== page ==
Peter Green tapped the 18-year-old Kirwan to join Fleetwood Mac in August 1968, thus creating an unstoppable, yet ultimately tragic British blues guitar tandem. Kirwan’s vibrato was wide and luxurious, and where Green’s playing could be sweet and tender, Kirwan raged with a hard attack and wild abandon. The Kirwan-penned “Something Inside of Me” is a haunting minor blues, and live versions of “Like It This Way” are incendiary. Kirwan stayed in the Mac after Green’s mental breakdown, but battled his own demons, and is only now getting his life back together. —Darrin Fox

Bill Kirchen
GP has termed him “A titan of the Telecaster,” and Kirchen’s work with Commander Cody and His Lost Planet Airmen in the 1970s made him a cult hero to roots-oriented players, who reveled in his hot picking on such classic CC albums as Lost in the OzoneHot Licks, Cold Steel, & Truckers’ Favorites and Country Casanova. Since then, Kirchen has kept alive the guitar styles forged in Texas swing and Bakersfield honky-tonk via his twang-o-riffic solo releases. —Art Thompson

Roy Lanham
Although he replaced the hot-headed Jimmy Bryant on TV’s Hometown Jamboree in 1955, Lanham was a much different player than the fleet-fingered Bryant. Lanham flaunted a luxurious chord-melody style, and his mid- ’40s recordings with the Delmore Brothers foreshadowed rockabilly by a decade. He also appeared on Loretta Lynn’s 1960 hit “I’m a Honky Tonk Girl,” and even did some Monkees dates. For an excellent Lanham primer, get Sizzling Strings/The Fabulous Guitar. —Darrin Fox

Shawn Lane
A member of Black Oak Arkansas as a teen, and featured guitarist on Highwayman 2 with Johnny Cash and Willie Nelson, multi-instrumentalist Lane (1963-2003) did his most memorable work in collaboration with mega-bassist Jonas Hellborg, including 1995’s Abstract Logic, and 2000’s more ethereal Good People in Times of Evil, with Indian master percussionist V. Selvaganesh. Lane’s idiosyncratic fusion of rock, jazz, blues, and South Indian styles—impeccably executed at often-breakneck speeds—made him one of the most original and engaging guitarists ever. —Barry Cleveland

Jake E. Lee
Lee’s tenure with Ozzy Osbourne brought the singer back to respectability after the tragic death of Randy Rhoads. Straight out of the Southern California school of flashy rock gods—and with the look, attitude, and chops to back it up—Lee performed sacrilege by playing ’80s metal without using a whammy bar, making up for it with an abundance of neck wrangling, behind-the-nut bends, and awesome tuning-machine manipulations. —Darrin Fox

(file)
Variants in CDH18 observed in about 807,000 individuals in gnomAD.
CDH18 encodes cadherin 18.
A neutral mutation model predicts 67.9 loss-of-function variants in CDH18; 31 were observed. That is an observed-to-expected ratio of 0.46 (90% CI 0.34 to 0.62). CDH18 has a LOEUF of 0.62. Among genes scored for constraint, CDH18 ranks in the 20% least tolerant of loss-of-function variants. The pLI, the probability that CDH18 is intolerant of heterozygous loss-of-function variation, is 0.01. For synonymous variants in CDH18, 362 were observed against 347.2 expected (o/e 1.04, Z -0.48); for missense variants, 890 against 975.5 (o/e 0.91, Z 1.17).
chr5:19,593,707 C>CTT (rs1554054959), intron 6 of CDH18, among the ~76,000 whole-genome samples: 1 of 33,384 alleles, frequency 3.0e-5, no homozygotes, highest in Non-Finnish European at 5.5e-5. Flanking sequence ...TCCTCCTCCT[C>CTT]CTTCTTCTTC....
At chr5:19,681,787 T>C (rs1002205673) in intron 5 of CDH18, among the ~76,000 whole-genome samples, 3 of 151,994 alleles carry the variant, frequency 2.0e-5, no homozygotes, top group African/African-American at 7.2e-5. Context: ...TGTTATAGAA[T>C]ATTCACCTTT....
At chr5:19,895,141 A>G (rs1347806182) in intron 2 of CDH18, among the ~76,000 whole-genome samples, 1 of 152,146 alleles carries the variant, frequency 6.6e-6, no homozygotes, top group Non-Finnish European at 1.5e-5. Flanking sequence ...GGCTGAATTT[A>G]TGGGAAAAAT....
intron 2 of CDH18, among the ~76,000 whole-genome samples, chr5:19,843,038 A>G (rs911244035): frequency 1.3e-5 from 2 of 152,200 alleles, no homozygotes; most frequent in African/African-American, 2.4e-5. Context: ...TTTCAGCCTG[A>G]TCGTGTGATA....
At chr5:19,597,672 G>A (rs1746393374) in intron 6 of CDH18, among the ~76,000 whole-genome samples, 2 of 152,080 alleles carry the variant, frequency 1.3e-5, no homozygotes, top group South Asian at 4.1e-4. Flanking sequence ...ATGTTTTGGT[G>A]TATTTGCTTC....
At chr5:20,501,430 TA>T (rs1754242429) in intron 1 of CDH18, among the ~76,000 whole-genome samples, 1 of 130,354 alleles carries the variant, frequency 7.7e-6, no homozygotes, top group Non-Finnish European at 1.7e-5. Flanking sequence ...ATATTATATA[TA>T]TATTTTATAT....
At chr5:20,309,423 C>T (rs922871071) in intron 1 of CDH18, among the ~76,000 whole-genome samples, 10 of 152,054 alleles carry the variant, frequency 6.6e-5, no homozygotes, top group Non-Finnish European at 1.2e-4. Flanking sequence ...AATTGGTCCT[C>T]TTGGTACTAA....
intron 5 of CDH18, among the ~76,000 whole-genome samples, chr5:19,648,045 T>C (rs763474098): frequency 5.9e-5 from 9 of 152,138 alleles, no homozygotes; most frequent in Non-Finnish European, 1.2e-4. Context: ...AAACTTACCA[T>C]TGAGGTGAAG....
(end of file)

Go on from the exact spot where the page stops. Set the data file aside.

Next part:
Lonnie Mack
With a style running deep in the blues, Lonnie Mack virtually invented blues rock with a Flying V and a Magnatone amp when he off-handedly cut a scalding, hit instrumental version of Chuck Berry’s “Memphis” in 1963. Stevie Ray might have played a lot slower without Mack’s example. —Dave Rubin

Magic Sam
Sam “Magic Sam” Maghett (1937-1969) pioneered the West Chicago style in the late 1950s, along with Otis Rush and Buddy Guy. His biting, heavily reverbed sound—as inspired by B.B. King—broke ranks with the country blues of Muddy Waters and Howlin’ Wolf to forge a proud new identity for young, urban black artists. Fingerpicking his licks on a Strat, Maghett had mastered the power trio format, and crossover success seemed imminent, when he died suddenly at 32. —Dave Rubin

Al McKay
McKay cut his teeth with the Ike & Tina Turner Review, but it was drop-dead, pinpoint-precision funk guitar with Earth, Wind & Fire that made him an R&B icon. Cutting the bulk of his classic EW&F tracks with a Telecaster, (which he modded with a neck-position humbucker after seeing Chicago’s Terry Kath), McKay is also a flashy soloist, as proven by his blazing break on “Shining Star.” —Darrin Fox

Memphis Minnie
Reputedly the first blues musician to don a strap and play standing—as well as one of the first to play electric guitar—Lizzie “Memphis Minnie” Douglas (1897-1973) also cut the heads of fellow Chicagoans Big Bill Broonzy and Tampa Red. In the ’30s and ’40s, she led electric blues combos using cool National guitars, years before Muddy Waters would change the paradigm in 1948. —Dave Rubin

June Millington
A kick-ass guitarist who can rage through hard rock, pop, country, folk, and blues, Millington is a true icon of women’s music. In 1970, her band Fanny was the first self-contained, all-female rock group signed to a major label. She has been a force for women’s artistry ever since, co-founding the Institute for the Musical Arts—an organization that educates and empowers female musicians—in 1986. GP once called her “one of the hottest female guitarists in the industry,” but she deserved to have “female” removed from the sentence. —Michael Molenda